The NGO Group recognised the confusion around provisions for monitoring friendly settlements, and advocated that the Committee be able to re-open friendly settlements that have not been successfully implemented.

Read more on Who Said What

On the inquiry procedure, Azerbaijan led one group of States advocating for States to be able to "opt out" of allowing the Committee to consider inquiries filed against them. France and a similarly sized group of States, however, argued that it should be mandatory for all States to accept inquiries, especially given the critical importance of creating a mechanism to address grave and systematic violations of children's rights.

A smaller group of States, meanwhile, followed Egypt's lead in calling for a system where rather than declaring that they do not wish to be bound by the inquiry procedure, States would have to affirmatively "opt in" to the inquiry procedure.

Another polarising issue was the prohibition on reservations. New Zealand spoke out on behalf of States who wanted to allow for reservations as long as they did not go against the aims of the Optional Protocol. Disagreeing, Slovenia and a smaller group of States argued that reservations should be banned as the complaints mechanism is designed to be a procedural addition to the CRC and does not create new substantive rights.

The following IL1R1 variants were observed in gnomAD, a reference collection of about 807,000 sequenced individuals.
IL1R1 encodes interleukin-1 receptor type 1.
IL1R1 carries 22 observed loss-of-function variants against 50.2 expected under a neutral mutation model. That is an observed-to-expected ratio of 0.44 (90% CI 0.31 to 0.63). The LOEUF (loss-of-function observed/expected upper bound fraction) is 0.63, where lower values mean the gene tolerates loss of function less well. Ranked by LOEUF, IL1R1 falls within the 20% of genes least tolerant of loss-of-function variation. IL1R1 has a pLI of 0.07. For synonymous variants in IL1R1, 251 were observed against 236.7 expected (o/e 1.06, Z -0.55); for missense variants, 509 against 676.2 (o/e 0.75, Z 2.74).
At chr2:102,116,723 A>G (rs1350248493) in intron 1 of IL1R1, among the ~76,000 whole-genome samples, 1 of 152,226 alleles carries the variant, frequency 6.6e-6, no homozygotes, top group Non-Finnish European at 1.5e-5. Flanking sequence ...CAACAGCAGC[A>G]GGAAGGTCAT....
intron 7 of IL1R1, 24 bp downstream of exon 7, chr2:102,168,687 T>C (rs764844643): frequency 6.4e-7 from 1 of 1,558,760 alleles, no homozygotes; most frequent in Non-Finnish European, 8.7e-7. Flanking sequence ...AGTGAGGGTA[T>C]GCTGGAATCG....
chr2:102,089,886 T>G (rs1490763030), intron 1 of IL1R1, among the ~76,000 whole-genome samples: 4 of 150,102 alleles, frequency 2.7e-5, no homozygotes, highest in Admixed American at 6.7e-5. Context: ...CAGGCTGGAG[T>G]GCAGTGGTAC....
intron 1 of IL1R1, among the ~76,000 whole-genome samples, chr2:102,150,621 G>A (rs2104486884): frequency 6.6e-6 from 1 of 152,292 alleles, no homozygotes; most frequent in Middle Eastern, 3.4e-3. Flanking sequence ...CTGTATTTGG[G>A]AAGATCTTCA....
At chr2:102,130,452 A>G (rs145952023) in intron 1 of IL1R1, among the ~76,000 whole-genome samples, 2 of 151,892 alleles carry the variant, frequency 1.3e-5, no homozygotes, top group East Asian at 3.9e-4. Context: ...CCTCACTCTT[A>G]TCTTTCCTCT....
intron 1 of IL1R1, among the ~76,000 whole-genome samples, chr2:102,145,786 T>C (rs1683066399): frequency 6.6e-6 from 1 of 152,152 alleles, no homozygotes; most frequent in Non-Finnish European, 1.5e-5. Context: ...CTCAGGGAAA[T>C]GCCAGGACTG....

The Chairperson also reminded States that prohibiting reservations is not an unprecedented move, as a similar provision appears in the Convention on the Elimination of Discrimination Against Women.

More on Who Said What

Take it or leave it

After the weekend, the three remaining days were mostly dedicated to informal consultations. By the end of Tuesday evening, however, the Chairperson made a surprising announcement and proposed a take-it-or-leave-it package. He felt that it was important to present States with a final compromise option in the interest of having a draft Optional Protocol ready for submission to the Human Rights Council in June. With this in mind, he proposed a number of changes for States to consider in a last ditch effort to reach consensus.

Among other things, the Chair suggested that the draft Optional Protocol allow States to "opt-out" of applying the complaints mechanism to existing Optional Protocols, remove the collective communications mechanism, allow States to "opt-out" of participating in the inquiry procedure, and allow for reservations.